Success for the marches against Emmanuel Macron’s pension reform
ANSA Editorial StaffPARIS
January 19, 2023
The French took to the streets, beyond all expectations, to protest against Emmanuel Macron’s pension reform project, and more specifically against the increase in the retirement age from 62 to 64.
Successful demonstrations everywhere, one million and 120,000 according to the Ministry of the Interior, which expected 750,000 people.
Even two million for the CGT, the union of the extreme left. Macron, in Spain for the bilateral summit with Madrid, calls for a “just and responsible” reform. The tug of war with unions and oppositions promises to be long and difficult, the second appointment already set for January 31st.
According to polls, more than 60% of French citizens oppose this pension reform which – according to the majority – serves to “save our system”. Initially, the retirement age was set by the government at 65, an age to be reached gradually in 2030, then it dropped to 64 after negotiations with the moderate right of the Républicains, who will support the reform in Parliament. All the rest of the parties – from Marine Le Pen’s far right to Jean-Luc Mélenchon’s radical left – are against it. Even more striking, in a union landscape that has been fragmented for years, the unity of all acronyms has returned, from the centrists to the communists of the CGT, passing from the left of the CFDT and the autonomous. They unite against the increase in the age to leave work, a measure judged unacceptable by all. Months of discussions with the government were useless, which – as Macron reiterated today – remains firm on his positions: “The reform was presented in a democratic way and validated”.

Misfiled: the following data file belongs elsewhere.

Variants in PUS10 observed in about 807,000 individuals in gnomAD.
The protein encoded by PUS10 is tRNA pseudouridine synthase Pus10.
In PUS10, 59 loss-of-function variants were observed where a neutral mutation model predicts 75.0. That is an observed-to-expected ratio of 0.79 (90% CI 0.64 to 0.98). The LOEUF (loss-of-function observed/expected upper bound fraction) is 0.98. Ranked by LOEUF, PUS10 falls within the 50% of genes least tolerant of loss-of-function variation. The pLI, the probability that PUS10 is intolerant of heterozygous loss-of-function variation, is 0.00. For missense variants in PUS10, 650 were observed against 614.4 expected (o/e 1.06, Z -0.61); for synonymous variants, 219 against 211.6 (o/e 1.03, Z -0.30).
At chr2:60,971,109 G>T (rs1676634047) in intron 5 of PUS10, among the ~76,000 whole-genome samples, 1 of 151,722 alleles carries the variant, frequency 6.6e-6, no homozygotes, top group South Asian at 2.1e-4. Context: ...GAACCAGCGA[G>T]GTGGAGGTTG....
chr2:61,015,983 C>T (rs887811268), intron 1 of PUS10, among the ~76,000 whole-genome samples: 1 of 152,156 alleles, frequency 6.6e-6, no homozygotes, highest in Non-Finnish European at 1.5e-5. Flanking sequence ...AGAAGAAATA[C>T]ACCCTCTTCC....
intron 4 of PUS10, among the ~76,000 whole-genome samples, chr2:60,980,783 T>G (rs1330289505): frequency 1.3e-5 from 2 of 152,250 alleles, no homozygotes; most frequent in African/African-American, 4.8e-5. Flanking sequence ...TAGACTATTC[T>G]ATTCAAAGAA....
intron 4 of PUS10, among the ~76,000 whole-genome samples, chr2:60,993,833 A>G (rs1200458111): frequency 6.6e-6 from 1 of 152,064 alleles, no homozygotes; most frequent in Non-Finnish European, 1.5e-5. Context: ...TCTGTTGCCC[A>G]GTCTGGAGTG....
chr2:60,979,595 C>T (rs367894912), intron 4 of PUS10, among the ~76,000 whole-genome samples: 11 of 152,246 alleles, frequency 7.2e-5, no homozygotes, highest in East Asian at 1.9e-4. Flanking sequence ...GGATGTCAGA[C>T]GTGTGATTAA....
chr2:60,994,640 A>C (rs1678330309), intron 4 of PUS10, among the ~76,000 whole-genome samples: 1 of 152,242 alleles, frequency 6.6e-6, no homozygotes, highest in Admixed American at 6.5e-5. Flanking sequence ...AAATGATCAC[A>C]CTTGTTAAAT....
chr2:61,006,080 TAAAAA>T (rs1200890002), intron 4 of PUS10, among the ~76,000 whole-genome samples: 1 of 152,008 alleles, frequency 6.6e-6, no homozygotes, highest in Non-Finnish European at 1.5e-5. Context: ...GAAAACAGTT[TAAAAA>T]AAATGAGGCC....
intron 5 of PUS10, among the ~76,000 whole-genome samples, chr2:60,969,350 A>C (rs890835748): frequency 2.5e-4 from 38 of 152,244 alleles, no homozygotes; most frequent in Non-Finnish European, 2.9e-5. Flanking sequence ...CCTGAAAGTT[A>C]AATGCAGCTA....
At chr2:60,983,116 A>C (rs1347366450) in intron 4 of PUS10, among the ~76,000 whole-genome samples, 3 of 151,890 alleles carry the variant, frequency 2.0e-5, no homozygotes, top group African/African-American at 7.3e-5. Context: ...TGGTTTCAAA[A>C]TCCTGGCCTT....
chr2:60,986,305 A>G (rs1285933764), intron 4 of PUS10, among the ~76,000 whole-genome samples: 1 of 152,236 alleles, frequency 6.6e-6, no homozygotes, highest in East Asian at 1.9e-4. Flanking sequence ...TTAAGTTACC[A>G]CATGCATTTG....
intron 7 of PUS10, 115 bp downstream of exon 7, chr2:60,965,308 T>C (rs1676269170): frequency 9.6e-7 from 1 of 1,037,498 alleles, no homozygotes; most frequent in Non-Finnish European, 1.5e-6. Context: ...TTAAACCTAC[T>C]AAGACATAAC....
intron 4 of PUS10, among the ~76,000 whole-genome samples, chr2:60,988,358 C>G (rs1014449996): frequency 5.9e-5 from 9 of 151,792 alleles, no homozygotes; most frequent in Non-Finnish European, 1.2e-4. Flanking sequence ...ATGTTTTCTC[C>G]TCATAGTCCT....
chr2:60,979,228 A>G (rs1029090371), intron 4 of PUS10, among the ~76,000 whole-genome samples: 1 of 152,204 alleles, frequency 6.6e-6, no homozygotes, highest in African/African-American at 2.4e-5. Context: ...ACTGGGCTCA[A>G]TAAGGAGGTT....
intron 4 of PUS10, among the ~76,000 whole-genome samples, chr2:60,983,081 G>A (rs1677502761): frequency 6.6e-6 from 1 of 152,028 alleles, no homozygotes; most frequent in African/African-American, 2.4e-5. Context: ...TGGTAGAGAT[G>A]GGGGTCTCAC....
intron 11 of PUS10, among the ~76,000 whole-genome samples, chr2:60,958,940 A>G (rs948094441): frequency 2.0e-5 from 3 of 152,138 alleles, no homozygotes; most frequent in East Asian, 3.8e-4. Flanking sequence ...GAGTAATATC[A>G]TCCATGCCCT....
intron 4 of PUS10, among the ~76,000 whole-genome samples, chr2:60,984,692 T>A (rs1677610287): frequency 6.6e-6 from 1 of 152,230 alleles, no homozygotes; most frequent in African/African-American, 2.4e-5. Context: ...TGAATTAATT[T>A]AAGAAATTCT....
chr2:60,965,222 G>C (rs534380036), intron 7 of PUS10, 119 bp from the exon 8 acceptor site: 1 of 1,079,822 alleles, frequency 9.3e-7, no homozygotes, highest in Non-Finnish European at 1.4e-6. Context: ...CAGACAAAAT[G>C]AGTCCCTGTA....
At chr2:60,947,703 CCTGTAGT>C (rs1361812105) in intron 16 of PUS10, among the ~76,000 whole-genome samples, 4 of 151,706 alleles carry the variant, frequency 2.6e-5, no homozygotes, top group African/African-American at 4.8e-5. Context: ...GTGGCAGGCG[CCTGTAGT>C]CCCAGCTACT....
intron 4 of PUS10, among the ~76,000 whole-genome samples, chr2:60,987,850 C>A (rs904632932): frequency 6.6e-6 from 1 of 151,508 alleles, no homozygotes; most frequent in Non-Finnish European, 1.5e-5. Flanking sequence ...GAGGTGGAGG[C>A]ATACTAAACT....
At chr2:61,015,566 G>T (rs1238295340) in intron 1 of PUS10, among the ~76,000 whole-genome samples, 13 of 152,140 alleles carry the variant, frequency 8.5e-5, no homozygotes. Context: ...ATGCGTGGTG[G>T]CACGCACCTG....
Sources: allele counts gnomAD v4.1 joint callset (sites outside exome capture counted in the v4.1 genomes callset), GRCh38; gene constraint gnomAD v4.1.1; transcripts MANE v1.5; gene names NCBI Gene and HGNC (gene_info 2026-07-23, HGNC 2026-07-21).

Tens of thousands of people took to the streets in 200 cities in France, from 80,000 in Paris (according to the police, 400,000 for the union) to 30,000 in Marseille, 40,000 in Toulouse, 25,000 in Nantes. Despite the fears of the eve, there were very few accidents. In Paris, 38 people were arrested, a very small toll compared to the times of the yellow vest violence. In Paris in particular, the dreaded black bloc only showed up in the initial phase, then they were promptly isolated by the police, deployed in 10,000 units by the Minister of the Interior, Gérald Darmanin. The departure of the procession had been set at place della République at 2 pm but the crowd was so large as to make the start of the procession very slow. After some scuffles before the Bastille, the forces of the
Prime Minister Elisabeth Borne congratulated union leaders on the uneventful conduct of the demonstrations. Important participation also in the strike, especially in schools and in transport, with heavy inconvenience especially for trains and subways. Electricity production severely decreased due to EDF public sector workers’ participation in the strike.
The battle promises to be long, the unions emerge reassured from this first day but appear aware that the fight is just beginning, with the bill that will be discussed in Parliament in February and March. Already in the evening, the union leaders – triumphant for the “over two million French” who followed them to the streets, according to their calculations – made an appointment for a second day of mobilisation, on January 31st.